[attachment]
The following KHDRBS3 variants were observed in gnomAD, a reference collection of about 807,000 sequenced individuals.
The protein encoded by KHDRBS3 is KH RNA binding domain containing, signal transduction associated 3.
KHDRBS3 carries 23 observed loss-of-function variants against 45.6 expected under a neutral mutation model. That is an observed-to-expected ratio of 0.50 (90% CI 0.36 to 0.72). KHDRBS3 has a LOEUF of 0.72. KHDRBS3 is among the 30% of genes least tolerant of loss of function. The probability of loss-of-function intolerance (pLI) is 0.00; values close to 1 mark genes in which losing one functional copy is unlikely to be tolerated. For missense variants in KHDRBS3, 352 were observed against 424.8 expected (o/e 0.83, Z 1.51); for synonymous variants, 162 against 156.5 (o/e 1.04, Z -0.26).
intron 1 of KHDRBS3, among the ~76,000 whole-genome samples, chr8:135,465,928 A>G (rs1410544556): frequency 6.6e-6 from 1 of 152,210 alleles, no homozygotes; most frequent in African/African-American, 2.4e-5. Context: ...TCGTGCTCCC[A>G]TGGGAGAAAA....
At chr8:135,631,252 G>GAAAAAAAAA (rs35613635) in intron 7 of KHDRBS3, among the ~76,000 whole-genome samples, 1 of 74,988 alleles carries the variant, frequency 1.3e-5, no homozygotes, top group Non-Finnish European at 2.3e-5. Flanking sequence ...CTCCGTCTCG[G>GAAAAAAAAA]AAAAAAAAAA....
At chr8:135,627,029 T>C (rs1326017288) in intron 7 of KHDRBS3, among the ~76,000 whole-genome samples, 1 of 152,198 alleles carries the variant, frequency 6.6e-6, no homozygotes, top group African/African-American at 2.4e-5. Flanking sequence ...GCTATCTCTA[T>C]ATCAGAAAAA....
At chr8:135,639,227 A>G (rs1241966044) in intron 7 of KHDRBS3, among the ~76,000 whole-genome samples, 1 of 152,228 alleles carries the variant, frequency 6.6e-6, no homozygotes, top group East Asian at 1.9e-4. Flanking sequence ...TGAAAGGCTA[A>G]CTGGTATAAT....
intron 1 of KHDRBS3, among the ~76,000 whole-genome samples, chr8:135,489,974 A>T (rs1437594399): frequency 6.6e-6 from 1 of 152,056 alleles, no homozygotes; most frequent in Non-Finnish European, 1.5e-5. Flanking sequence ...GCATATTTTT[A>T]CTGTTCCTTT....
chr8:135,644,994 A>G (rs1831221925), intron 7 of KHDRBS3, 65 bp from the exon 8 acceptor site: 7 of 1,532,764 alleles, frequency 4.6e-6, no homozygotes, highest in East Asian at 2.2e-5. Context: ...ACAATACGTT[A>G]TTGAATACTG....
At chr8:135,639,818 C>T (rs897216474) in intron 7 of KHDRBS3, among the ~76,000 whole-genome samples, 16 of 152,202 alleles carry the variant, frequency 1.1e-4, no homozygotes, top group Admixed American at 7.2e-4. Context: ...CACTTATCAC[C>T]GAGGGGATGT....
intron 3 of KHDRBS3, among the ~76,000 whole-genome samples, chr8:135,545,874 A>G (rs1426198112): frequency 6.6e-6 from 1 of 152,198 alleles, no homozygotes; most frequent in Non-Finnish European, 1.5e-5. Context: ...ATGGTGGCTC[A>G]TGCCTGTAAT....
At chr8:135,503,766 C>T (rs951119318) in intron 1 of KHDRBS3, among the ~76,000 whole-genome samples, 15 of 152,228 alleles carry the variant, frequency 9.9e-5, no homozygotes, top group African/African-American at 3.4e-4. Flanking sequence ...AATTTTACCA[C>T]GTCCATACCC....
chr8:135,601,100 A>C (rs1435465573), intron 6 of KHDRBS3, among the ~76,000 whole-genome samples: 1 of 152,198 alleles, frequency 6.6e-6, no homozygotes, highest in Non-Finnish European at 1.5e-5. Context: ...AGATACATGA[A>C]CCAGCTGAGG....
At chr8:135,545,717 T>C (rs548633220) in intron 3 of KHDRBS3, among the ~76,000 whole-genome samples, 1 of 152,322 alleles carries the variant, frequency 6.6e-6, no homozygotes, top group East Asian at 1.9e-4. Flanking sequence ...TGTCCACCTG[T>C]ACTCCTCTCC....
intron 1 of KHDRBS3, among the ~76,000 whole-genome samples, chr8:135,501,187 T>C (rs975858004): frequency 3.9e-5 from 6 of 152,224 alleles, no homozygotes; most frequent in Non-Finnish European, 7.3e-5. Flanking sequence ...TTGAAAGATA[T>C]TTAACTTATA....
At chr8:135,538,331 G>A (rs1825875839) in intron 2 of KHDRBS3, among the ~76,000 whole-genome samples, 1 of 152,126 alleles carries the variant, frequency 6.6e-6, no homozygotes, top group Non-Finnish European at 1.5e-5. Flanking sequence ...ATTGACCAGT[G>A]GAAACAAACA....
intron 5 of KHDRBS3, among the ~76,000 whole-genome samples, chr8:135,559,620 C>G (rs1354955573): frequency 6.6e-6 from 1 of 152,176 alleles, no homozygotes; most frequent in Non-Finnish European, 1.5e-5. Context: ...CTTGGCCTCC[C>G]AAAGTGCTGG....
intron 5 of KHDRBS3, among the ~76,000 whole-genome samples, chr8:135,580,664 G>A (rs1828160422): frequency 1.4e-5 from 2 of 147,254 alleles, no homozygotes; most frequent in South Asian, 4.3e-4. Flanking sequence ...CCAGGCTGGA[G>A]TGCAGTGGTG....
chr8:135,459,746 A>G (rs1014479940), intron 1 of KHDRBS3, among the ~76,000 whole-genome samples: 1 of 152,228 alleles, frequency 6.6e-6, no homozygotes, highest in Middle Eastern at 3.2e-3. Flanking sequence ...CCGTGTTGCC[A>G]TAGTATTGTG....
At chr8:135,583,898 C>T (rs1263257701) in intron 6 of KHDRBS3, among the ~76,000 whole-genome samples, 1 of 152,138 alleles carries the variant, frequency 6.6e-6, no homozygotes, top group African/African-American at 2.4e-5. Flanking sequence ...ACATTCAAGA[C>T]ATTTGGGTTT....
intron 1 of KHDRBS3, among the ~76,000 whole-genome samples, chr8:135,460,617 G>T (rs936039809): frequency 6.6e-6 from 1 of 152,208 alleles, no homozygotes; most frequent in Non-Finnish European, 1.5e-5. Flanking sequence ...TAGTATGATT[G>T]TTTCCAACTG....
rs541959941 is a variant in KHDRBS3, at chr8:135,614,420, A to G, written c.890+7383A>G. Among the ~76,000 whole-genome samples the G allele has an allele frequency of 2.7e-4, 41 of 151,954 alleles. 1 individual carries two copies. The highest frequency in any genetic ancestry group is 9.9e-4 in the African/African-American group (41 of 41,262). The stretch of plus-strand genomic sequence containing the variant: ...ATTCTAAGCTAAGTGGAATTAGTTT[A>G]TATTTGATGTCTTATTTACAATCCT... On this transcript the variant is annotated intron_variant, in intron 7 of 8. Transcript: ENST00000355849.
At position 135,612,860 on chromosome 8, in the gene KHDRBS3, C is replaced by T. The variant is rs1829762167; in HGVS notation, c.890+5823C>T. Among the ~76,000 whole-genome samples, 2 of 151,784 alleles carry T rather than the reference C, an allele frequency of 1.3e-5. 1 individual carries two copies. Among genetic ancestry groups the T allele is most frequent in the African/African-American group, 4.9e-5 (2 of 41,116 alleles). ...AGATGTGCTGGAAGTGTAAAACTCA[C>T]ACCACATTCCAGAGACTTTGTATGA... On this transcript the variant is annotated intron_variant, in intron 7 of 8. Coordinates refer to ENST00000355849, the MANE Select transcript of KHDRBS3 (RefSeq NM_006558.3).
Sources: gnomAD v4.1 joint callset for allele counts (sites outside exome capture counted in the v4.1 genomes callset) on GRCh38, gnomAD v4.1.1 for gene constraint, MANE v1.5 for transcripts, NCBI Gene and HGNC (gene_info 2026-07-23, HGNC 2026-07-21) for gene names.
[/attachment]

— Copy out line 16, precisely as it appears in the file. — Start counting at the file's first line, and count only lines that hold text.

At chr8:135,538,331 G>A (rs1825875839) in intron 2 of KHDRBS3, among the ~76,000 whole-genome samples, 1 of 152,126 alleles carries the variant, frequency 6.6e-6, no homozygotes, top group Non-Finnish European at 1.5e-5. Flanking sequence ...ATTGACCAGT[G>A]GAAACAAACA....